Sanofi Exec Takes Heat and Backpedals on Promise of U.S. Priority Access to COVID-19 Vaccine


360b / Shutterstock

Earlier this week, Paris-based Sanofi’s chief executive officer Paul Hudson indicated that the U.S. would have first access to its COVID-19 vaccine because of the significant financial support it is receiving from the U.S. government. This raised a furor in other countries, particularly France, where the company is headquartered, and the U.K., where its partner in the vaccine endeavor, GlaxoSmithKline, is located.

Sanofi is now backing away from the pledge, where Hudson had said that because of the U.S.’s Biomedical Advanced Research and Development Authority (BARDA) part of the Department of Health and Human Services (HHS), funding, “The U.S. government has the right to the largest preorder because it’s invested in taking the risk.”

Although the statement at the time seemed fairly logical, Europeans did not see it that way. The office of French President Emmanuel Macron stated a vaccine is “a global public good, which is not submitted to market forces.”

The country’s Prime Minister Edouard Philippe tweeted, “Equal access for all to vaccine is not negotiable.”

Philippe also added, “I just reminded Serge Weinberg who chairs Sanofi that this is a great deeply French company.”

Weinberg, for his part, went on TV, telling France 2 TV, “I am going to be extremely clear: there will be no particular advance for any country.”

Sanofi Pasteur, Sanofi’s vaccines division, is the largest company in the world entirely focused on vaccines. It has U.S. headquarters in Swiftwater, Pennsylvania, but 14 production and research-and-development sites spread out around the world, including France, Canada, Argentina, China, India, Mexico, Thailand and other U.S. locations, including two in Massachusetts, one in Florida and another in Rockville, Maryland.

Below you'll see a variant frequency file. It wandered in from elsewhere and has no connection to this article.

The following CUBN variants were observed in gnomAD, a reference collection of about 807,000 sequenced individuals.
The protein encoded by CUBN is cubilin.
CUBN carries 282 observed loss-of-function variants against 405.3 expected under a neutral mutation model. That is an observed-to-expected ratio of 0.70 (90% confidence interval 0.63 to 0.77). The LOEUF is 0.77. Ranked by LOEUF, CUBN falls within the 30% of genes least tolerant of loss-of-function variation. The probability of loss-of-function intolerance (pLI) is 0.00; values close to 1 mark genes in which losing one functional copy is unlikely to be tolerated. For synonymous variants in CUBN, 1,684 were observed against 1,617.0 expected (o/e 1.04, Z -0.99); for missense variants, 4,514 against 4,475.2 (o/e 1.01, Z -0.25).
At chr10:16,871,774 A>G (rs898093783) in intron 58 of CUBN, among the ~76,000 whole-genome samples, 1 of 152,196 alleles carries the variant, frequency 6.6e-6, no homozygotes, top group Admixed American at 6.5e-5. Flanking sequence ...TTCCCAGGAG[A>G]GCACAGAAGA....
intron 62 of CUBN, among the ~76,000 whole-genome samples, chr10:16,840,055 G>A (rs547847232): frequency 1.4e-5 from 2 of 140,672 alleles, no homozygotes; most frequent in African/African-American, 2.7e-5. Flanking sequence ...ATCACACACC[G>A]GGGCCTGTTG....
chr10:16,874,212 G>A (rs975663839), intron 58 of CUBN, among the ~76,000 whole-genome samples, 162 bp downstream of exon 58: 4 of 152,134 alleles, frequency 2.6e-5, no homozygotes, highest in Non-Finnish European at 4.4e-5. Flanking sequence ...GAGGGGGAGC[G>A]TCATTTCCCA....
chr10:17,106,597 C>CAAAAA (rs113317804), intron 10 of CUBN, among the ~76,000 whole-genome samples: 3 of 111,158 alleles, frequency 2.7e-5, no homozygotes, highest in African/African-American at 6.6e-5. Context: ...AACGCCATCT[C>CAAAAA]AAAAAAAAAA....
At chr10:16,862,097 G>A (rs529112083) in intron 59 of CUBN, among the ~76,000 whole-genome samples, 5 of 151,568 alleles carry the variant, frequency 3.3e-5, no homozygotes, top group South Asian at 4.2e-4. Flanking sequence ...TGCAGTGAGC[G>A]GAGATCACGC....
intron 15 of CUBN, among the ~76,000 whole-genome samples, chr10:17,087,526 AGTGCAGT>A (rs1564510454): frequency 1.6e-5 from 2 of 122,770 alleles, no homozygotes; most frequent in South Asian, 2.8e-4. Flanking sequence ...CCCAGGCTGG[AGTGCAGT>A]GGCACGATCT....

On February 18, 2020, Sanofi entered a new partnership with BARDA worth $30 million to focus on a vaccine against COVID-19. Sanofi was already working on a vaccine at the time, building on work it had done on SARS, another deadly respiratory disease caused by a coronavirus, SARS-CoV.

Critics of the deal between BARDA and Sanofi argue that Sanofi benefits from tax credits from France. The French Socialist Party suggests the French government has provided the company at least $162 million in tax savings in recent years, according to the BBC.

In some ways, the argument is academic—there are approximately 100 different efforts to develop a vaccine against COVID-19 ongoing, and the Sanofi/GSK efforts have yet to even enter human clinical trials. It was reported this morning that China has a total of five potential vaccines for the disease in human clinical trials, which have been tested on more than 2,000 people in Phase II trials.

In the U.S., clinical trials have been ongoing for a vaccine developed by Cambridge, Massachusetts-based Moderna and the U.S. National Institute for Allergy and Infectious Diseases (NIAID). Moderna also partnered with Switzerland’s Lonza on large-scale manufacturing of the vaccine.

U.S. company Pfizer and Germany’s BioNTech are collaborating on a vaccine and have begun Phase I/II clinical testing in Germany and the U.S. Pfizer indicated that the two companies will work jointly to commercialize the vaccine globally when approved, except in China, because BioNTech has a collaboration with China’s Fosun Pharma for clinical development and commercialization.

One of the big leaders in vaccine development for COVID-19 is The University of Oxford in the UK. The group, which has a manufacturing and distribution deal with UK-based AstraZeneca, published preliminary data today on the preprint website bioRxiv, suggesting that the vaccine was effective and safe in a small preclinical study involving six monkeys. The group also has a large, ongoing human clinical trial, with results expected in June and a larger Phase II trial expected to launch in June or July.

Back to news